“There’s a lot of finger-pointing, a lot of blame going around,” Welle said. “Ag is part of that, but often ag gets blamed too much. The livelihood of producing food and fiber is essential to us.”
Remember what Alto said about complexity? The panel she helped organize is a prime exapmple.
In less than two hours, panelists tried to cover policy, the environment, technology, trade, water quality, conservation programs, soil conservation, and several other ag-related issues. That doesn’t even count the back-and-forth between Naylor and Hamilton.
“We’re looking for simple cause/effect relationships on issues like this when it’s more complex than that,” Welle said. Welle was responding to a question about conservation on smaller farms vs. bigger farms, but he might as well have been talking about any of the subjects raised on the panel.
So, agriculture issues are complicated. What are farmers supposed to do about it and why should they care?
Farmers need to make it a priority to show up. Try to explain these complex issues as best they can.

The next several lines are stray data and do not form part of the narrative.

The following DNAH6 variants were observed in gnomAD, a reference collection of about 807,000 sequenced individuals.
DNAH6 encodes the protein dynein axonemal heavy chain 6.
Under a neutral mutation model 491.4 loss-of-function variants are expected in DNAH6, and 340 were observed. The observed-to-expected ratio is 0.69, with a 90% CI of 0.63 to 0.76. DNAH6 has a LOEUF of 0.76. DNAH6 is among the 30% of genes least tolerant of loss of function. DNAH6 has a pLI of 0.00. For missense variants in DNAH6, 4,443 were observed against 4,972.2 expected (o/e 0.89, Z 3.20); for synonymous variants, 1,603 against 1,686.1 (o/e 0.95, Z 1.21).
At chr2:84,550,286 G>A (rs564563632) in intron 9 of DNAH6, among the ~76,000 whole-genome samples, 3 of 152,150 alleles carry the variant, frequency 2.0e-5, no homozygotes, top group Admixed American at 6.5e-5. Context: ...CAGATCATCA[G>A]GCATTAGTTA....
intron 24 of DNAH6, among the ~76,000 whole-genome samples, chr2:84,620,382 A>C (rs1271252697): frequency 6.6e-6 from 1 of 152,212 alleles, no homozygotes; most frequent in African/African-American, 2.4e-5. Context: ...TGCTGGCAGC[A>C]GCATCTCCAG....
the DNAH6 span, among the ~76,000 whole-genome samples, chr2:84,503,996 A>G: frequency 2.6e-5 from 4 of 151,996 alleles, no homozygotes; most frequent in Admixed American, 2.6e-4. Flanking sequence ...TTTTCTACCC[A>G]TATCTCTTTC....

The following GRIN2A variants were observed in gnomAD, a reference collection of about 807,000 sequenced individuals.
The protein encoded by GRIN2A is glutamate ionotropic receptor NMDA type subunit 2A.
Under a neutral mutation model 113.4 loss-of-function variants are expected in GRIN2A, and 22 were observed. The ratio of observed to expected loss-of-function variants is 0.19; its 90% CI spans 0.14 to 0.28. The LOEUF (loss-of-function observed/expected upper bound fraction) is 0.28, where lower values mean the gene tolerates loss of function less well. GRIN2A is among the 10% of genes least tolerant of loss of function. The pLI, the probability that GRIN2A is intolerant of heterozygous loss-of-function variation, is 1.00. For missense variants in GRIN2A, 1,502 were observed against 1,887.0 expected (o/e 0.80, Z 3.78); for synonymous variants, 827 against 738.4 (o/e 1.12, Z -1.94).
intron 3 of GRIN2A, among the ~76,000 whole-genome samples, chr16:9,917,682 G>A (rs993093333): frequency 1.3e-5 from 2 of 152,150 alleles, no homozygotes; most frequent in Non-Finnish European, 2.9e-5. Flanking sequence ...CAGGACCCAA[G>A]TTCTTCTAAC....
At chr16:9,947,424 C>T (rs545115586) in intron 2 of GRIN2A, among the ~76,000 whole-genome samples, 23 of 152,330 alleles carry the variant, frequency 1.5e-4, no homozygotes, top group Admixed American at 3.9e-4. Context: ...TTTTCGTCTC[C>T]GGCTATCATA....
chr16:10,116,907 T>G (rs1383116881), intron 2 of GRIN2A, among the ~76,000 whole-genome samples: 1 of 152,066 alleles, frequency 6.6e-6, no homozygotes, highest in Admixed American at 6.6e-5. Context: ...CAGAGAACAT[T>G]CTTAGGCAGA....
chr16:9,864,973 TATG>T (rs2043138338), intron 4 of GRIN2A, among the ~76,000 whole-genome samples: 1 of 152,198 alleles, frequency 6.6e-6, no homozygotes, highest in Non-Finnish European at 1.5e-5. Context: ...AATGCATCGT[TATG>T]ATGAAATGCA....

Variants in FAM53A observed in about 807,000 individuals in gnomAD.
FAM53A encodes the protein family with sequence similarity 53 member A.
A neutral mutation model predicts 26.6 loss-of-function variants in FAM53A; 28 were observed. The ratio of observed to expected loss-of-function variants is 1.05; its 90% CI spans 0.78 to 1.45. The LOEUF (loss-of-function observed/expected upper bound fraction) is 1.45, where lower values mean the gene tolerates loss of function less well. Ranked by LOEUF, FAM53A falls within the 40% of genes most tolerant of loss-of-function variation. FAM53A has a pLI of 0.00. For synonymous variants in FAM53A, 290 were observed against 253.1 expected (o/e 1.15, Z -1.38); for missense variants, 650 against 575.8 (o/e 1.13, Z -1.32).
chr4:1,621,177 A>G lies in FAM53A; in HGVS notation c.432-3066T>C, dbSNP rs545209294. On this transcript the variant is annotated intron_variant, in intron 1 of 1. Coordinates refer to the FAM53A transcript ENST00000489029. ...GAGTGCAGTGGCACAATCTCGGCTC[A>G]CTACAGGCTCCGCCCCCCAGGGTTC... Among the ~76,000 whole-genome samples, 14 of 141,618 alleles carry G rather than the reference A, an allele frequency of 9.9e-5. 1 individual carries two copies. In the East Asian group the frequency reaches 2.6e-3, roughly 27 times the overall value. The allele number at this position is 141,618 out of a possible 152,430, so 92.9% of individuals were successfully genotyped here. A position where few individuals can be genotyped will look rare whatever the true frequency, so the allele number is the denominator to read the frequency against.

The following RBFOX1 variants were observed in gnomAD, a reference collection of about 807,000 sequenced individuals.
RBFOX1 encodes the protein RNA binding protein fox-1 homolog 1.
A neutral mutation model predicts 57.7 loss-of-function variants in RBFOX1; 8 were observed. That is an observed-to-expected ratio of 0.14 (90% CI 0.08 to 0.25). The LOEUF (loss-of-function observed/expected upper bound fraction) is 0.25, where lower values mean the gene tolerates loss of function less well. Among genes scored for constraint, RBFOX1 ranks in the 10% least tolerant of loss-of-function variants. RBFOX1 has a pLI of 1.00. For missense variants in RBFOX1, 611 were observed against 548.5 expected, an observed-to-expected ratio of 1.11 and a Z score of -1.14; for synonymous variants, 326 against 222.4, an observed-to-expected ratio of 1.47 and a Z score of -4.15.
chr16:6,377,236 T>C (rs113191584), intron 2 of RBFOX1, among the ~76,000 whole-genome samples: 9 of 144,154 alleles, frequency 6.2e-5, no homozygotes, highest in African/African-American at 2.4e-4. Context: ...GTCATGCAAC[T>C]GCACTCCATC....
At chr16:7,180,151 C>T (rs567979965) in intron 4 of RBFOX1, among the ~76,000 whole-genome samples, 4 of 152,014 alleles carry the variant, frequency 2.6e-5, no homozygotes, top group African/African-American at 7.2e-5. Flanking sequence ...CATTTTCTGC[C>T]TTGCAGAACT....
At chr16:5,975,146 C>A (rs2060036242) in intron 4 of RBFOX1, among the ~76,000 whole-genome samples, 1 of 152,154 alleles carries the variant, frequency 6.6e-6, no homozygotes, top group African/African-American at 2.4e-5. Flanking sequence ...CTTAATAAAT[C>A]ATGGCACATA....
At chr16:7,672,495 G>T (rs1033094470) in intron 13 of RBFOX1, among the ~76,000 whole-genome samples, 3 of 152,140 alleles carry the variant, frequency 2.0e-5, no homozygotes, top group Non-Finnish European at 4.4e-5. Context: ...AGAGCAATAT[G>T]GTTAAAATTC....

When ICC invites farmers to participate in a panel like this one, accept their offer like Hamilton did. Seize the opportunity to connect with non-farmers who want to know more about food. ICC also had a beef farming panel on Monday that featured viewpoints from all sides of the agriculture spectrum — farmers both big and small showed up to try and make better sense of additional complicated agriculture issues.
You can bet people like Naylor will show up. They’ve been showing up for a while now.
Many students were nodding as Hamilton pushed back on Naylor’s viewpoints. What if Hamilton didn’t think it was worthwhile to participate in the panel? Would anyone have stood up for today’s farmers?
Hamilton’s message was received in that room. He didn’t magically convince everybody that his viewpoints were the correct viewpoints, but because he showed up, his message was at least received.
As farmers continue fighting to have their voices heard in the discussion on food and farm policy, it’s important that they don’t forget the importance of simply showing up.
— Written by Adam Czech, public relations manager at the Minnesota Corn Growers Association